A survey among international students and alumni at Wittenborg University of Applied Sciences has indicated that they deem the current orientation year for graduates to look for a job in the Netherlands insufficient. More than 70% favour a 2-year post-graduation work visa instead.
Alumni are the most reliable source of information for prospective international students wanting to study in Europe and the UK, results from a new survey has shown. This relates to accuracy of life as a student in these countries, but also about job opportunities.
While public universities in the Netherlands will likely have to justify why they offer programmes in English in the future, no such obligation will rest on private institutions like Wittenborg University of Applied Sciences, the Dutch minister of education, culture and science, Ingrid van Engelshoven, assured Parliament this week.
While Dutch universities continue to spend huge amounts of public funds on recruiting international students, any attempts by the government to curb their numbers will be futile, Wittenborg CEO Maggie Feng warned in an interview published in the November issue of Onderwijsblad, a publication of the AOb - the Netherlands’ biggest teachers' union.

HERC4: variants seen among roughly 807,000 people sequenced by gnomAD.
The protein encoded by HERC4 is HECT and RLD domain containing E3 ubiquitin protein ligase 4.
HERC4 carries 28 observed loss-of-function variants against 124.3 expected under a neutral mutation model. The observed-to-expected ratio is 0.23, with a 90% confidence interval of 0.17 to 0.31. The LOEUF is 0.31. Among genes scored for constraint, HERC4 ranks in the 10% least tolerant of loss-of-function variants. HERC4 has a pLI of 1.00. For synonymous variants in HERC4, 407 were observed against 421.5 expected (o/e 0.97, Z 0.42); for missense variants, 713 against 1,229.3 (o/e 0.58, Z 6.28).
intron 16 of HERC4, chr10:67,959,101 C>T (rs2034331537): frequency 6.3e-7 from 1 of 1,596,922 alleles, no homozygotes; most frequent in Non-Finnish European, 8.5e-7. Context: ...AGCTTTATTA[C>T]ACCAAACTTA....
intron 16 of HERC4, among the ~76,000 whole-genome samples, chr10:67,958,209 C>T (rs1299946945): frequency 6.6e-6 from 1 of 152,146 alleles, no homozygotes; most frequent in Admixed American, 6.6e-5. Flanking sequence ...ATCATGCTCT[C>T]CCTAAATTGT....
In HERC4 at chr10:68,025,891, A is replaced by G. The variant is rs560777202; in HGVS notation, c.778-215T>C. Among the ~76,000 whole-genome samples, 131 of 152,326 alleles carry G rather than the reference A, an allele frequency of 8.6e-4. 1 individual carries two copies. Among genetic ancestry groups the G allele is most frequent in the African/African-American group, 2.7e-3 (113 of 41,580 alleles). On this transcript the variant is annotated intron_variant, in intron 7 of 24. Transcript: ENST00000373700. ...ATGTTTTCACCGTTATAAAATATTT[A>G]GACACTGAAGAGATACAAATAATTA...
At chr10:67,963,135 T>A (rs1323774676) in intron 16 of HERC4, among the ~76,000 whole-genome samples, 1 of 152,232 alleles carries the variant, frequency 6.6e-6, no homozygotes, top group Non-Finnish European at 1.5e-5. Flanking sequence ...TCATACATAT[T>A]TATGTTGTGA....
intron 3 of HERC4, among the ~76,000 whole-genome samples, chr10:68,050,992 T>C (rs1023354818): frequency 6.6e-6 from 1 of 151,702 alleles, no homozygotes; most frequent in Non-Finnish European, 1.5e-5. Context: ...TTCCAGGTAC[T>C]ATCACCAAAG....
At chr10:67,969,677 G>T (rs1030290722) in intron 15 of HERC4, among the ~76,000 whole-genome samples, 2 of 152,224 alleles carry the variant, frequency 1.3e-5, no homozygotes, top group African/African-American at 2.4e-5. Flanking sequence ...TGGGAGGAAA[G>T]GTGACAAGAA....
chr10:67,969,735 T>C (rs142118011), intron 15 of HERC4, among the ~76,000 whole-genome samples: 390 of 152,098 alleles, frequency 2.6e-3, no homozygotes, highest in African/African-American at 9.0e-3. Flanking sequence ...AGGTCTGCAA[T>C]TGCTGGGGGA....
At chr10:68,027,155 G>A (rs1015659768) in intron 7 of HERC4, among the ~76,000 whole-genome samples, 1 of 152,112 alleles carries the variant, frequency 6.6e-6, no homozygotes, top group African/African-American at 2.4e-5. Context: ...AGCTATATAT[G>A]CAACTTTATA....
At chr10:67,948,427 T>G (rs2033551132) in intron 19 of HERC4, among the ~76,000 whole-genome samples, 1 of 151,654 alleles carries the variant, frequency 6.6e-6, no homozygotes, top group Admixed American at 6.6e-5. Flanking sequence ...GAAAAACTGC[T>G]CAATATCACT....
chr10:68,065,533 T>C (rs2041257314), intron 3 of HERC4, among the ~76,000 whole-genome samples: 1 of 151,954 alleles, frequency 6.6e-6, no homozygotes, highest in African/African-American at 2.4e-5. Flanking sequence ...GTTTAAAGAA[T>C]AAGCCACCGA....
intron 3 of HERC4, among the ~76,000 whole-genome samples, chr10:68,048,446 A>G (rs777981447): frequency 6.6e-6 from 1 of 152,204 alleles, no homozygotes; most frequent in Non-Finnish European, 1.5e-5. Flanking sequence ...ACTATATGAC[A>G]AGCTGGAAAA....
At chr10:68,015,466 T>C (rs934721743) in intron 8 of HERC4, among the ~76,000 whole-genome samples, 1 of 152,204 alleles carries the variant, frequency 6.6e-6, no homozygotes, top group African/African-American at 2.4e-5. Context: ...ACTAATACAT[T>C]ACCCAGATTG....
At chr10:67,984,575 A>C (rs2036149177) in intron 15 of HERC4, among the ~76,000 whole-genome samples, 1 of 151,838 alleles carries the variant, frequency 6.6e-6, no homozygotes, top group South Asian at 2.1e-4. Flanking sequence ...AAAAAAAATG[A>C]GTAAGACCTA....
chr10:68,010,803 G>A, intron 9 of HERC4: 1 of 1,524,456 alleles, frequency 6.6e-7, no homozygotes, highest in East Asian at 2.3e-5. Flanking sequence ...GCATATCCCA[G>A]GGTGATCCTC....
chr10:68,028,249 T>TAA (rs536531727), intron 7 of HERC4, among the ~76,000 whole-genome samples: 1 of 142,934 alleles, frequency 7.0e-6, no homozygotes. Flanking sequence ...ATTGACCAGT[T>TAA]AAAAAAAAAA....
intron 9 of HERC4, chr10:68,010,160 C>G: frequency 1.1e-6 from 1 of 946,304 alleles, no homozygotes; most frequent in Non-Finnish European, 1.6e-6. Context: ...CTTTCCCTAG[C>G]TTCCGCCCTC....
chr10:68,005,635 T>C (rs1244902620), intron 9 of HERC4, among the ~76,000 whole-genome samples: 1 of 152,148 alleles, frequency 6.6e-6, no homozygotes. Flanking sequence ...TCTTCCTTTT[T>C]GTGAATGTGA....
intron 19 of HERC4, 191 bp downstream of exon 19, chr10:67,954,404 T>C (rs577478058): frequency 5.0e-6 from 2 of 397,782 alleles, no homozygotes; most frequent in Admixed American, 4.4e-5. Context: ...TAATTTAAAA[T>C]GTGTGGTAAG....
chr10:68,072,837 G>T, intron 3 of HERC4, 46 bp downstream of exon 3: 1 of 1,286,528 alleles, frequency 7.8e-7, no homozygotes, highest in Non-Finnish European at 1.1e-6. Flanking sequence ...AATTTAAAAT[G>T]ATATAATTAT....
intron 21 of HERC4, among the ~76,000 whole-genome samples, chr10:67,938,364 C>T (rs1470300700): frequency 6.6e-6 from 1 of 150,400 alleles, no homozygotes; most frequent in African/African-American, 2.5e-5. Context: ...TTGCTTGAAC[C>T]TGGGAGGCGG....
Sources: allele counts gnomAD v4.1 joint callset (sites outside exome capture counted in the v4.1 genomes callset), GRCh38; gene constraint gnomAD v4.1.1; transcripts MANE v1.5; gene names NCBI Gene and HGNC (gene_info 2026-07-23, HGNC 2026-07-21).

The number of VWO students in the Netherlands starting a Dutch university study remains more or less the same, while the influx of international students continues to grow. This year 20 percent of university students come from abroad.
Students from Wittenborg Amsterdam showed off their debating skills against a group of American students who are on a short-term, study-abroad programme at the University of Amsterdam and the Vrije Universiteit.
The Netherlands has maintained its position as one of the top study destinations in the world in the 2020 Times Higher Education World University Rankings. Together with Australia, it has the 4th highest number of universities in the Top 200.
Fewer scholarships and higher fees are what non-EU students planning to study at public universities in the Netherlands face, should new cabinet proposals to deal with the influx of international students come into force. Whether this will also apply to private institutions like Wittenborg University of Applied Sciences, that are not publicly funded, is unclear.
Contrary to the idea that international students are a huge financial burden to the Netherlands, new figures from the Dutch Central Planning Bureau (CPB) has shown the opposite - in actual fact they add thousands of euros to the economy each year.